Innovator: Judge Tim Connors honored with national award

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Washtenaw County Circuit Court Judge Timothy Connors has been honored as Innovator of the Year by the National Council of Juvenile and Family Court Judges (NCJFCJ).

He was one of two honorees of the 3rd annual Justice Innovation Awards, recognized at the NCJFCJ’s 80th Annual Conference last month in Washington, D.C., highlighting informative presentations on current and cutting edge topics that inspired, provoked and precipitated discussions about issues facing the juvenile and family court system.

The Innovator of the Year Award honors an active, in-good-standing NCJFCJ member who has inspired, sponsored, promoted or led an innovation or accomplishment of national significance in juvenile justice, child abuse and neglect, family law and/or domestic violence.

The Impact of the Year Award was presented to the D.C.-based Latin American Youth Center.

“It is our privilege to recognize the outstanding work of both Judge Connors and the team at the Latin American Youth Center,” said Judge Anthony Capizzi, NCJFCJ president. “We honor their tireless commitment to improving the lives of children and families, especially those in our justice system. We hope that we can continue to raise awareness of the core issues that affect our nation’s families.”

Connors serves as co-chair of the Michigan Tribal-State-Federal Forum, instrumental in drafting the Michigan Indian Family Preservation Act. In 2013, he was awarded a grant by the Michigan Supreme Court to determine whether tribal peacemaking values and practices could be implemented in a state court system.

As presiding judge of the Washtenaw County Peacemaking Court, he has fostered the healing of important relationships among litigants in child welfare, family and probate cases by incorporating Native American peacemaking principles and philosophies in conflict resolution.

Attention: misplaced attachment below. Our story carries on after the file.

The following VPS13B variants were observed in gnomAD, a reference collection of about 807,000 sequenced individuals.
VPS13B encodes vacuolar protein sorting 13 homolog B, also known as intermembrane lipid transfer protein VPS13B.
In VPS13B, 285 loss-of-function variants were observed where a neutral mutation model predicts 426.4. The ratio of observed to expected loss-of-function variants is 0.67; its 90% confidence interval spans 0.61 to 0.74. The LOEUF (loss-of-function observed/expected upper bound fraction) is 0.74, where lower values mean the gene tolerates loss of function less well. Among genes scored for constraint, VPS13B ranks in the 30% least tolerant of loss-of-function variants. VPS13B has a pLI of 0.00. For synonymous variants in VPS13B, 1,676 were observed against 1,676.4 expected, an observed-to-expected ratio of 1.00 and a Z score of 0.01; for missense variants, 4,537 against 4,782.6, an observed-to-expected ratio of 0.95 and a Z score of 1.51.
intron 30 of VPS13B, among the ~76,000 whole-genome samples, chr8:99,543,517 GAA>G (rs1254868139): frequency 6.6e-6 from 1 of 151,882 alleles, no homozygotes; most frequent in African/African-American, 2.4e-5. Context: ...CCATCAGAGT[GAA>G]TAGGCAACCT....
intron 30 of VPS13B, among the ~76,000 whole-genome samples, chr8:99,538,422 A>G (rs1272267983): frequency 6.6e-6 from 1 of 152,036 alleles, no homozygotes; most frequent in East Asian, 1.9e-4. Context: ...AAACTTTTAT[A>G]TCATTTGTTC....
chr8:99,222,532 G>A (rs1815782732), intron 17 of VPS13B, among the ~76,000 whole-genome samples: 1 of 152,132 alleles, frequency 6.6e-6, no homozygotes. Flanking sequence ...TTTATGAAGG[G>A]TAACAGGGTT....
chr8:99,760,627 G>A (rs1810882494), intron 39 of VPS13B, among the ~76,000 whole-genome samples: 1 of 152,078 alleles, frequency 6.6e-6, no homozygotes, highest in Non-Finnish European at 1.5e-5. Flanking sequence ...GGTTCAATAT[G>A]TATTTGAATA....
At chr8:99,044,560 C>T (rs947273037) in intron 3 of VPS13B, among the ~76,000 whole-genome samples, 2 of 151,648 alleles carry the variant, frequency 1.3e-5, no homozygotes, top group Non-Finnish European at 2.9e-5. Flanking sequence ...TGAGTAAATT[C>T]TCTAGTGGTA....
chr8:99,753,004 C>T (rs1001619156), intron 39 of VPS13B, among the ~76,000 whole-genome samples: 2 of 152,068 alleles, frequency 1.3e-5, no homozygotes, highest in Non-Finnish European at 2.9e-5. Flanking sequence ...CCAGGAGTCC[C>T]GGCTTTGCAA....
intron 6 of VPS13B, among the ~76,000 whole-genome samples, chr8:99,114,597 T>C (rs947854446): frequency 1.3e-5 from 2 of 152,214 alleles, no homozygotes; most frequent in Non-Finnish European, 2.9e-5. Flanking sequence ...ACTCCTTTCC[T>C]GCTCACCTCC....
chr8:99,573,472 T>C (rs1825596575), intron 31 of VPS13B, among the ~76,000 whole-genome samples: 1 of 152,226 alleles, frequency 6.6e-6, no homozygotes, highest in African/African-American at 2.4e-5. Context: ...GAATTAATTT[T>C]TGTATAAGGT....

“I am forever grateful to the Michigan Supreme Court, the University of Michigan Law School, and now the NCJFCJ for opening this path of Peacemaking and restorative justice in state court systems,” said Connors. “This path is the creation of the collaborative effort of the National American Indian Court Judges Association, the Native American Rights Fund Indigenous Peacemaking Initiative and the Michigan Tribal State Federal Forum to find common ground. This common ground greatly benefits our youth, our families and our communities. I hope all of our states will choose to walk this path together.”

“This is a great national honor that Judge Connors has received, and it is well deserved,” said Bridget M. McCormack, Michigan Supreme Court. “For many years, Judge Connors has shown a remarkable dedication to implementing tribal and community court peacemaking principles to resolve cases. In fact, his court was the first in Michigan to adopt the use of these principles, and his success in this area has prompted other states to take notice. His passion for applying justice in collaborative and innovative ways is nothing short of inspiring.”

“Judge Connors honors and respects the traditions of the tribes and tribal justice systems that provided the foundational knowledge and peacemaking principles for his court,” said Nikki Borchardt Campbell, Executive Director, National American Indian Court Judges Association. “We believe these restorative principles can be beneficial to participants when applied correctly and in the exact manner that Judge Connors has applied them in his court. His court and his approach are shining examples. We are proud of his work and his contribution to both state and tribal courts.”

 

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